For 2,000 years, the standard philosophical model of knowledge was that it could be defined as a justified true belief. According to this way of thinking, we can know, for example, that we are human because  we believe ourselves to be human;  that belief is justified (others treat us as humans, not as dogs); and  the belief is true. This definition, which dates to Plato, was challenged by Edmund Gettier in one of the most influential works of philosophy published in the last century – a three page paper that produced two clear examples of justified true beliefs that could not, in fact, be considered knowledge.
Gettier's achievement rests on solid foundations provided by his mastery of the critical thinking skill of analysis. By understanding the way in which Plato – and every other epistemologist – had built their arguments, he was able to identify the relationships between the parts, and the assumptions that underpinned then. That precise understanding was what Gettier required to mount a convincing challenge to the theory – one that was bolstered by a reasoning skill that put his counter case pithily, and in a form his colleagues found all but unchallengeable.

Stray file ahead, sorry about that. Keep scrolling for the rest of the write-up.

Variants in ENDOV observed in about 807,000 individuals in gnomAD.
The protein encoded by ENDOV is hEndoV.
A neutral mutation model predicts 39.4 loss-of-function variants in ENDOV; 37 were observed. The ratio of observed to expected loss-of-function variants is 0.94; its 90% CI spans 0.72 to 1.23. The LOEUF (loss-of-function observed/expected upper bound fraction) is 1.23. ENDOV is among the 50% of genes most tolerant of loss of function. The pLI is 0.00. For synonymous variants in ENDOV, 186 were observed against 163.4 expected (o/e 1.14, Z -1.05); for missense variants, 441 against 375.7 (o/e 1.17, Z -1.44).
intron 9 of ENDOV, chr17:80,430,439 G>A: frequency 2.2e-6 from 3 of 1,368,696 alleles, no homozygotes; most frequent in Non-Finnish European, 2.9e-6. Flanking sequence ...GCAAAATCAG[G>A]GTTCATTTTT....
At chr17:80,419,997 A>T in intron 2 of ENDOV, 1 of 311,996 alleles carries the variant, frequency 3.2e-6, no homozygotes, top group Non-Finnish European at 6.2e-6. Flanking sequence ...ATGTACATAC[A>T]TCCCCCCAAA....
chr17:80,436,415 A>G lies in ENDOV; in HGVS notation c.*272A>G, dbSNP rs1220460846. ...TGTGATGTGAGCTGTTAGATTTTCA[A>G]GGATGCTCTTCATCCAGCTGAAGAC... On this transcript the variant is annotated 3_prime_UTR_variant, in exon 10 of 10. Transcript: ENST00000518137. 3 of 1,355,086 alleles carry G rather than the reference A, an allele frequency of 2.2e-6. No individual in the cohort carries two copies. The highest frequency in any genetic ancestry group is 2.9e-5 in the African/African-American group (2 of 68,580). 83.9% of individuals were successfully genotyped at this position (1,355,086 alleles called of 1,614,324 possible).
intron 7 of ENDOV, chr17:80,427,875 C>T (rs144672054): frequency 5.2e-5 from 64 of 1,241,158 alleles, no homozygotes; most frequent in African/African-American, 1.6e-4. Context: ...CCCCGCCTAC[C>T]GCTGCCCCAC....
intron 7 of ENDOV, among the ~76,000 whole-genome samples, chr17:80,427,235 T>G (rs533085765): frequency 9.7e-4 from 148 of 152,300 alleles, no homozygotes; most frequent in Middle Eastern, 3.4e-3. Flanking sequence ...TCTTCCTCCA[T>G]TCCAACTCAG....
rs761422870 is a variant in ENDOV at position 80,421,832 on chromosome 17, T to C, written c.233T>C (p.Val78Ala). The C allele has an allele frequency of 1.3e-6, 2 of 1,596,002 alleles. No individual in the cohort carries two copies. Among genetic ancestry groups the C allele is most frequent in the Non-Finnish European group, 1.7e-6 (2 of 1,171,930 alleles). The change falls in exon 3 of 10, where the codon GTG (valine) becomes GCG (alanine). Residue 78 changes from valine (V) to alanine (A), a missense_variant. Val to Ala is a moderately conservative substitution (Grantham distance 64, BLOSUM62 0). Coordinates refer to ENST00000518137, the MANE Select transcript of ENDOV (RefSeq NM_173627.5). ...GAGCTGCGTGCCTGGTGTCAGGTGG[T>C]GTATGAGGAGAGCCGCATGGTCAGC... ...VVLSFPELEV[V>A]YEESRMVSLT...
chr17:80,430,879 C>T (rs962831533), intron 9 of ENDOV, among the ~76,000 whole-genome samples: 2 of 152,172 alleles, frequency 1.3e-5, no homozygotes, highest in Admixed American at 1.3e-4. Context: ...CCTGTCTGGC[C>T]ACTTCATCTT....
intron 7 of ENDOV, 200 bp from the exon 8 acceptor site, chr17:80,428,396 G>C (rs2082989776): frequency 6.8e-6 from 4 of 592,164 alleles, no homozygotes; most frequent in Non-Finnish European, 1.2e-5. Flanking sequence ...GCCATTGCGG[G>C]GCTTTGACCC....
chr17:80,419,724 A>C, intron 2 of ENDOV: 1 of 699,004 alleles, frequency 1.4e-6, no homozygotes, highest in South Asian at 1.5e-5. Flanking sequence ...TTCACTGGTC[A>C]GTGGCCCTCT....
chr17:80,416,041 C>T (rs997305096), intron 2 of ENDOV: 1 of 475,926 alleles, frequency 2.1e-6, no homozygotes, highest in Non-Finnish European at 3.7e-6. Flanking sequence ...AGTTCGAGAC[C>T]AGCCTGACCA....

Table of Contents
Ways in to the text
Who is Edmund Gettier?
What does Is Justified True Belief Knowledge Say?
Why does Is Justified True Belief Knowledge Matter?
Section 1: Influences
Module 1: The Author and the Historical Context
Module 2: Academic Context
Module 3: The Problem
Module 4: The Author's Contribution
Section 2: Ideas
Module 5: Main Ideas
Module 6: Secondary Ideas
Module 7: Achievement
Module 8: Place in the Author's Work
Section 3: Impact
Module 9: The First Responses
Module 10: The Evolving Debate
Module 11: Impact and Influence Today
Module 12: Where Next?
Glossary of Terms
People Mentioned in the Text
Professor Jason Schukraft teaches Philosophy at The University of Texas at Austin.